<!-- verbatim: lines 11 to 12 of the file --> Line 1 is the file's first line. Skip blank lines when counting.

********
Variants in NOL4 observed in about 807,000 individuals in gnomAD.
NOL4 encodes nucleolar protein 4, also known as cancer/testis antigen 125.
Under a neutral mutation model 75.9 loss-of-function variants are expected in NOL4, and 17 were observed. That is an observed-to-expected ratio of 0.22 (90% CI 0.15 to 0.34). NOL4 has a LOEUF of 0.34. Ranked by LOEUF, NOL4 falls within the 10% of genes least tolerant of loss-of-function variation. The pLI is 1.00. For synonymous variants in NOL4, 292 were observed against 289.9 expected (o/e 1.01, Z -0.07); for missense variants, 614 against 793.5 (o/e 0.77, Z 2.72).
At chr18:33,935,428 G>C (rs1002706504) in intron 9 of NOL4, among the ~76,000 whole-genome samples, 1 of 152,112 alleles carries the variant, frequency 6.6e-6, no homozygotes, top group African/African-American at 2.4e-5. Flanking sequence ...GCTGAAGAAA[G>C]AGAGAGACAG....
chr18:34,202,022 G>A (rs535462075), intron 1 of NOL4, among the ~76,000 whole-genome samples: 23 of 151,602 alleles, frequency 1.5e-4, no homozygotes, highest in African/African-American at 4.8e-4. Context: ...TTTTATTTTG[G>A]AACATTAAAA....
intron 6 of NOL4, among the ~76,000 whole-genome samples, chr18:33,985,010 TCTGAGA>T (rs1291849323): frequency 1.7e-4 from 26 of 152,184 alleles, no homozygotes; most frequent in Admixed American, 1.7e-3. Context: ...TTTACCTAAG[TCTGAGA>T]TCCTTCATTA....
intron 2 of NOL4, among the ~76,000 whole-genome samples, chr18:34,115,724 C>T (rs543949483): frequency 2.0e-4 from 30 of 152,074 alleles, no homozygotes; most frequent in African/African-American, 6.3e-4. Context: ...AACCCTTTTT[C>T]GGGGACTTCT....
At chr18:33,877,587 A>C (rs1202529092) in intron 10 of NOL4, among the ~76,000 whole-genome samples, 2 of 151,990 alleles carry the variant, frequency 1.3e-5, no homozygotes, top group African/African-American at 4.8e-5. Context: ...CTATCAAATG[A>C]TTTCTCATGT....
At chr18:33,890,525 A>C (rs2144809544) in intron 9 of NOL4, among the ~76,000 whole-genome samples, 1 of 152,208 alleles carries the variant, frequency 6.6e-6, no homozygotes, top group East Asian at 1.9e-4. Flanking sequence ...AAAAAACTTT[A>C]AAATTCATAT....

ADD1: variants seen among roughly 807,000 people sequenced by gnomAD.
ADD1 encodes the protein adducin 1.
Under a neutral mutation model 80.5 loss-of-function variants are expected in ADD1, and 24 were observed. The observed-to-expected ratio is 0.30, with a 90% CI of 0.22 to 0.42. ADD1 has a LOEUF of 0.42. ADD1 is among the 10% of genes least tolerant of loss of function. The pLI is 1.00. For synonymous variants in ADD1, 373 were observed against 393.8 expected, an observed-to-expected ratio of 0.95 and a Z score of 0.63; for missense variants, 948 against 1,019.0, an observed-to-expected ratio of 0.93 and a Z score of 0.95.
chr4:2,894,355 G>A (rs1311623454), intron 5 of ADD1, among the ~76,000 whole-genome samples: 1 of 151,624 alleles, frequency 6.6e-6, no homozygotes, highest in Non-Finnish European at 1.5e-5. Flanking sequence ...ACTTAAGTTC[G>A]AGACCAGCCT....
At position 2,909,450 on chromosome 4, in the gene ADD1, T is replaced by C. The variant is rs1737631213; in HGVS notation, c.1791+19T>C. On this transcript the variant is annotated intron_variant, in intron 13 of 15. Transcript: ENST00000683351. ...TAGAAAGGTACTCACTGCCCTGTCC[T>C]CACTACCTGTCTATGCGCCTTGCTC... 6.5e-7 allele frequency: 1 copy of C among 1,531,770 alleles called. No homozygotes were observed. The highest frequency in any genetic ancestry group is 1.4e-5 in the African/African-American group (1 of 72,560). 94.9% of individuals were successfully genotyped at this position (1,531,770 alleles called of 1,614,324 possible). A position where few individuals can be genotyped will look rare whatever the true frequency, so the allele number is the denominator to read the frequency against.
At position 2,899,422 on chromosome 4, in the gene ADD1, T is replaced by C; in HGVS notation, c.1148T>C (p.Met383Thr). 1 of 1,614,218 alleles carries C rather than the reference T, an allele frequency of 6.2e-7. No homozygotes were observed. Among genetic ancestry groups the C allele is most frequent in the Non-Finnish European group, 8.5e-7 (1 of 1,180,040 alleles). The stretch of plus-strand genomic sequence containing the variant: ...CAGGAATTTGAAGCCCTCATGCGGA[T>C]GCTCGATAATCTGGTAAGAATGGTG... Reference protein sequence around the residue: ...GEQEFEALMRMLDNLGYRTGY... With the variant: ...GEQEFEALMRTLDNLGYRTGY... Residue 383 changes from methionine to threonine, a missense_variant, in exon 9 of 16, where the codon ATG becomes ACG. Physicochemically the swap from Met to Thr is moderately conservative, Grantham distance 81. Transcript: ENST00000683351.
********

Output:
ADD1 encodes the protein adducin 1.
Under a neutral mutation model 80.5 loss-of-function variants are expected in ADD1, and 24 were observed. The observed-to-expected ratio is 0.30, with a 90% CI of 0.22 to 0.42. ADD1 has a LOEUF of 0.42. ADD1 is among the 10% of genes least tolerant of loss of function. The pLI is 1.00. For synonymous variants in ADD1, 373 were observed against 393.8 expected, an observed-to-expected ratio of 0.95 and a Z score of 0.63; for missense variants, 948 against 1,019.0, an observed-to-expected ratio of 0.93 and a Z score of 0.95.